Buying a new car can be a wonderful experience. After you get over writing the check, that is. An undeniable new vehicle smell permeates the interior. The slick paint glistens under rows of hot white lights in the showroom.
And if that new vehicle is an airplane, you can multiply the sensations by 10.
Such was the experience for me as I walked into Textron Aviation’s new aircraft delivery hangar in Wichita in mid April. In my case though, I was buying a used airplane, the very last Mustang demonstrator. But since the owner was Cessna, I was treated to a “new” airplane acceptance process.
Welcoming me into the building, I glanced at my name engraved in a Lucite display with other visiting high-rollers. “Would you like some water, Mr. Miller?” came the question from the receptionist at the front desk. “Yes, some Perrier please,” I said, “with four cubes of ice.”
Soon, I was escorted by Chris Lee, director of Citation Sales for Texas and Louisiana, to the immaculate white-painted floor of the delivery hangar. There she was. November 416 Delta Mike. Roped off so no unwanted characters could approach. A small red carpet led me to the open door.
“Mr. Miller,” shouted the voice from behind me. “Could you stand next to Chris so I can get a picture?” This was no vagrant with an iPhone. This was a professional photographer with a flash bulb! “Certainly, why of course,” I agreed. “Which side of my face looks best?”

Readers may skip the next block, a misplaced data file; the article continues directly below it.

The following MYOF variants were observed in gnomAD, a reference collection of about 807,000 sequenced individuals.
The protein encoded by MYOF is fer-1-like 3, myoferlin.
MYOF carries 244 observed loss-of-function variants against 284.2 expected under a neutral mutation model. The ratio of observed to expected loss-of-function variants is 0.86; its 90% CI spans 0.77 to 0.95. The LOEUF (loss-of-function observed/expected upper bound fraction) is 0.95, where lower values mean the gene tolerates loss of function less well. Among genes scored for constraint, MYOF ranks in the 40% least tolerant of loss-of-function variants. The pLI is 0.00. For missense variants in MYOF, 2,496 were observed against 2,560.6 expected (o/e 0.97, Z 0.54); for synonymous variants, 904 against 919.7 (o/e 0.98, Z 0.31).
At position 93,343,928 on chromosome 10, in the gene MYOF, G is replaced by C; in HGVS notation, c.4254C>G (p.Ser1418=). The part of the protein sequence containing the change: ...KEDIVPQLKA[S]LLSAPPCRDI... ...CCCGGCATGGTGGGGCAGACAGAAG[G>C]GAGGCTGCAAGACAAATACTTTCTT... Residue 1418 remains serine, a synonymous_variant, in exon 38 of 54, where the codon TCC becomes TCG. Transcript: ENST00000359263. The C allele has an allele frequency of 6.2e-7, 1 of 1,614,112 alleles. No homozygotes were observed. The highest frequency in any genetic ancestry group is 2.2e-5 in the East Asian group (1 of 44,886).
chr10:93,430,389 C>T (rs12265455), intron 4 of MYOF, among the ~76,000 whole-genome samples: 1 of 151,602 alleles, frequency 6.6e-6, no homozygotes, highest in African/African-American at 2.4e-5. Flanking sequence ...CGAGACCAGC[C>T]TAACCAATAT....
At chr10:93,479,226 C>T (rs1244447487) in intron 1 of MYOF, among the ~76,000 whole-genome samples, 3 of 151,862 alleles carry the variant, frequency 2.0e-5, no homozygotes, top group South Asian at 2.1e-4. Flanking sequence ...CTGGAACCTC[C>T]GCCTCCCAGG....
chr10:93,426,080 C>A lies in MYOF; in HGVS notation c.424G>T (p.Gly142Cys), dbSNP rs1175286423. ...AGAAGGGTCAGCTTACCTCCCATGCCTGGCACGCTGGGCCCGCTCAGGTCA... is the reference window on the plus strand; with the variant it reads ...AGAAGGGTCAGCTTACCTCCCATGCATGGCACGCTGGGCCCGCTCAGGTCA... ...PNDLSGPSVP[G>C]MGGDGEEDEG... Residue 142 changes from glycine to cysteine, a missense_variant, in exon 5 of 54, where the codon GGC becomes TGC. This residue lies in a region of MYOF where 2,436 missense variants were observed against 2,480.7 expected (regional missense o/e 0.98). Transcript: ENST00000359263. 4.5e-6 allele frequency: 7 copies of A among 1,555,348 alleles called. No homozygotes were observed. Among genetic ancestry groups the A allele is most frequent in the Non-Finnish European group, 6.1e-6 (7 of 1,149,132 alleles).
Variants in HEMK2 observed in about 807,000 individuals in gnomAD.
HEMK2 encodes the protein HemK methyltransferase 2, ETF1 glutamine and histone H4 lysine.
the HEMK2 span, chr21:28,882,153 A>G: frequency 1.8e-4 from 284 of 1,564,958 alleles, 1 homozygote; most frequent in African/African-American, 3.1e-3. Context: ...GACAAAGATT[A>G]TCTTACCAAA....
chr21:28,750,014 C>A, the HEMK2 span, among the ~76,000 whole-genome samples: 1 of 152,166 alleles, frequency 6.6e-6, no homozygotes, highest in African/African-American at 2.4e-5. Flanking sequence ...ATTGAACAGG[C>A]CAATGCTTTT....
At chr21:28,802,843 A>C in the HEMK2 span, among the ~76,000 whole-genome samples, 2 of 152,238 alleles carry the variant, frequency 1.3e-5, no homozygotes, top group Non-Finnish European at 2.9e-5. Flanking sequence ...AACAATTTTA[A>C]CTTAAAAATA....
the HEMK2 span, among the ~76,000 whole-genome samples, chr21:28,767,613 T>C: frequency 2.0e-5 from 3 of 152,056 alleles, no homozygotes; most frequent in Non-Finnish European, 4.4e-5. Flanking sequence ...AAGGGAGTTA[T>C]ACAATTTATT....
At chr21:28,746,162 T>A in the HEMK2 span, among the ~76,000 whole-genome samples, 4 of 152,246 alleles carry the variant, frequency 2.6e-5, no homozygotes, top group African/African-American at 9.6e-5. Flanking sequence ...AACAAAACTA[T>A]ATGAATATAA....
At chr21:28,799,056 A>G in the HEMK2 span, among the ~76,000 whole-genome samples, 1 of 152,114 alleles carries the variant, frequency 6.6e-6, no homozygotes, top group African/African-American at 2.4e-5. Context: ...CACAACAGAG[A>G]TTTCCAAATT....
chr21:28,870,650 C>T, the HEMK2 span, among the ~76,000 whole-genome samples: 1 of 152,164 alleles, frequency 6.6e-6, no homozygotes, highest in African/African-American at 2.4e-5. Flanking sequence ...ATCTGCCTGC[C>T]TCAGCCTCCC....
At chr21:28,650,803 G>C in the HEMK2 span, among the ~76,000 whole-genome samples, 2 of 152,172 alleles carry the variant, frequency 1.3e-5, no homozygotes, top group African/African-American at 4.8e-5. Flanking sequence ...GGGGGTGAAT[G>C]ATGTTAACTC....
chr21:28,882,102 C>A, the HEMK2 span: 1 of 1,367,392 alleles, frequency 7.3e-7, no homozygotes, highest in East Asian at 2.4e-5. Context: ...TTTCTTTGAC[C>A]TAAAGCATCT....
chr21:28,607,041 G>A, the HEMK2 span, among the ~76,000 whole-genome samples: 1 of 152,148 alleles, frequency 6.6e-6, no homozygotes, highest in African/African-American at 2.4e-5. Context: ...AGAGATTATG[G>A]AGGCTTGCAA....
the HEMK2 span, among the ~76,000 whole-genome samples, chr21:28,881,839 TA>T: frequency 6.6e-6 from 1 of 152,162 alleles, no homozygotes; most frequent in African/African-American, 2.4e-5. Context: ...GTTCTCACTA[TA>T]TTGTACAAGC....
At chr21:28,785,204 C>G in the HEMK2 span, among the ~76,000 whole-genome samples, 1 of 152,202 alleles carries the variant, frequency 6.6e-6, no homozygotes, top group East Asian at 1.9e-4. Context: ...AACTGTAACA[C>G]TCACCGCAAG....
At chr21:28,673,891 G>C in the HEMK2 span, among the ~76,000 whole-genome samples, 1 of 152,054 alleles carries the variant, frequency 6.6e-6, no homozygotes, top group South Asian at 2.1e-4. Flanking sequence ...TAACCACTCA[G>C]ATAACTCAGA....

Delivery memorialized, I stepped inside. There was that new airplane smell. And not a speck of dirt. I looked again. Surely I could find at least one and complain about something. For an airplane with 1,200 hours, it was immaculate.
Easton Julian, customer account manager, handed me a paper form with each delivery item noted. A large table nearby was covered with all the manuals, tie-down ropes, coat hangers, static wicks, etcetera that come with a new airplane. We checked each one off the list.
It was impressive.
“For your departure this afternoon, how much fuel will you need and can I assist you with any catering?” offered Easton. “Certainly, yes,” I stammered. “I will need some Perrier and four ice cubes.” I looked around the hangar for another airplane I could buy. This was just too much fun.
Dining on a catered lunch in a reserved meeting room overlooking the delivery floor, we talked about airplanes and what a wonderful person I was. Mike Pierce, technical marketing advisor, told me I could even have the last cookie on the dessert plate.
Taxing away from the delivery hangar into the sunset, I wanted this day to last forever. I took a sip of my Perrier with ice and smiled.